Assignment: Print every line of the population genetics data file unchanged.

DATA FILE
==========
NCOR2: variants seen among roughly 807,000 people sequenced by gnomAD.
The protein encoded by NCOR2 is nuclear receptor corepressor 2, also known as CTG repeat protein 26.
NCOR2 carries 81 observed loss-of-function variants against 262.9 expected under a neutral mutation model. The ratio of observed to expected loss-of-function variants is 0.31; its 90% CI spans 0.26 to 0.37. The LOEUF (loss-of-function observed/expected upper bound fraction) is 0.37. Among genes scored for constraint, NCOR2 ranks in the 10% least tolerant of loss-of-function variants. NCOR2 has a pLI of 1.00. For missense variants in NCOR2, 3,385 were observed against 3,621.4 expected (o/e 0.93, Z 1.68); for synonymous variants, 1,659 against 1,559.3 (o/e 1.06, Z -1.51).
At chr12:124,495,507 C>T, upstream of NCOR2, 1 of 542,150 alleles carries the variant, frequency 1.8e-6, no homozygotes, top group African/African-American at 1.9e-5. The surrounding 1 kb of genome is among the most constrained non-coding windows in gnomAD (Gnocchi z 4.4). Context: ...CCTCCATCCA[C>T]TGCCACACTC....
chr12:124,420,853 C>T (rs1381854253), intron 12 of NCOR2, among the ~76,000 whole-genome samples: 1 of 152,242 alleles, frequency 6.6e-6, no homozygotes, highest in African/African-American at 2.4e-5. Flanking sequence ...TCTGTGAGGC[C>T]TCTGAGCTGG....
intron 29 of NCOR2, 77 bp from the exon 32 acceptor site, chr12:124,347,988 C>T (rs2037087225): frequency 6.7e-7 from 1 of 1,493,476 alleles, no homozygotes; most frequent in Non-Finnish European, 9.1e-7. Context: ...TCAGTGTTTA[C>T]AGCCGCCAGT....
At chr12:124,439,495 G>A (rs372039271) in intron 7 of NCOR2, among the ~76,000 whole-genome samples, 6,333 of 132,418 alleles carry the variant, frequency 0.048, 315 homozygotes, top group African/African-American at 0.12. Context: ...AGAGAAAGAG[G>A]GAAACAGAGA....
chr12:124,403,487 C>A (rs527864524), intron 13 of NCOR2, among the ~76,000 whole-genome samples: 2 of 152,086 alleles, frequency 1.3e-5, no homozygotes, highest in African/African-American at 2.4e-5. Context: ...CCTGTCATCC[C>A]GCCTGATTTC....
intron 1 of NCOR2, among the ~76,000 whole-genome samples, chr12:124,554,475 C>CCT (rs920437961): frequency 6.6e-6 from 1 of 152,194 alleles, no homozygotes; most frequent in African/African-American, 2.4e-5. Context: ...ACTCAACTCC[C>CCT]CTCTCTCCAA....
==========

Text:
NCOR2: variants seen among roughly 807,000 people sequenced by gnomAD.
The protein encoded by NCOR2 is nuclear receptor corepressor 2, also known as CTG repeat protein 26.
NCOR2 carries 81 observed loss-of-function variants against 262.9 expected under a neutral mutation model. The ratio of observed to expected loss-of-function variants is 0.31; its 90% CI spans 0.26 to 0.37. The LOEUF (loss-of-function observed/expected upper bound fraction) is 0.37. Among genes scored for constraint, NCOR2 ranks in the 10% least tolerant of loss-of-function variants. NCOR2 has a pLI of 1.00. For missense variants in NCOR2, 3,385 were observed against 3,621.4 expected (o/e 0.93, Z 1.68); for synonymous variants, 1,659 against 1,559.3 (o/e 1.06, Z -1.51).
At chr12:124,495,507 C>T, upstream of NCOR2, 1 of 542,150 alleles carries the variant, frequency 1.8e-6, no homozygotes, top group African/African-American at 1.9e-5. The surrounding 1 kb of genome is among the most constrained non-coding windows in gnomAD (Gnocchi z 4.4). Context: ...CCTCCATCCA[C>T]TGCCACACTC....
chr12:124,420,853 C>T (rs1381854253), intron 12 of NCOR2, among the ~76,000 whole-genome samples: 1 of 152,242 alleles, frequency 6.6e-6, no homozygotes, highest in African/African-American at 2.4e-5. Flanking sequence ...TCTGTGAGGC[C>T]TCTGAGCTGG....
intron 29 of NCOR2, 77 bp from the exon 32 acceptor site, chr12:124,347,988 C>T (rs2037087225): frequency 6.7e-7 from 1 of 1,493,476 alleles, no homozygotes; most frequent in Non-Finnish European, 9.1e-7. Context: ...TCAGTGTTTA[C>T]AGCCGCCAGT....
At chr12:124,439,495 G>A (rs372039271) in intron 7 of NCOR2, among the ~76,000 whole-genome samples, 6,333 of 132,418 alleles carry the variant, frequency 0.048, 315 homozygotes, top group African/African-American at 0.12. Context: ...AGAGAAAGAG[G>A]GAAACAGAGA....
chr12:124,403,487 C>A (rs527864524), intron 13 of NCOR2, among the ~76,000 whole-genome samples: 2 of 152,086 alleles, frequency 1.3e-5, no homozygotes, highest in African/African-American at 2.4e-5. Context: ...CCTGTCATCC[C>A]GCCTGATTTC....
intron 1 of NCOR2, among the ~76,000 whole-genome samples, chr12:124,554,475 C>CCT (rs920437961): frequency 6.6e-6 from 1 of 152,194 alleles, no homozygotes; most frequent in African/African-American, 2.4e-5. Context: ...ACTCAACTCC[C>CCT]CTCTCTCCAA....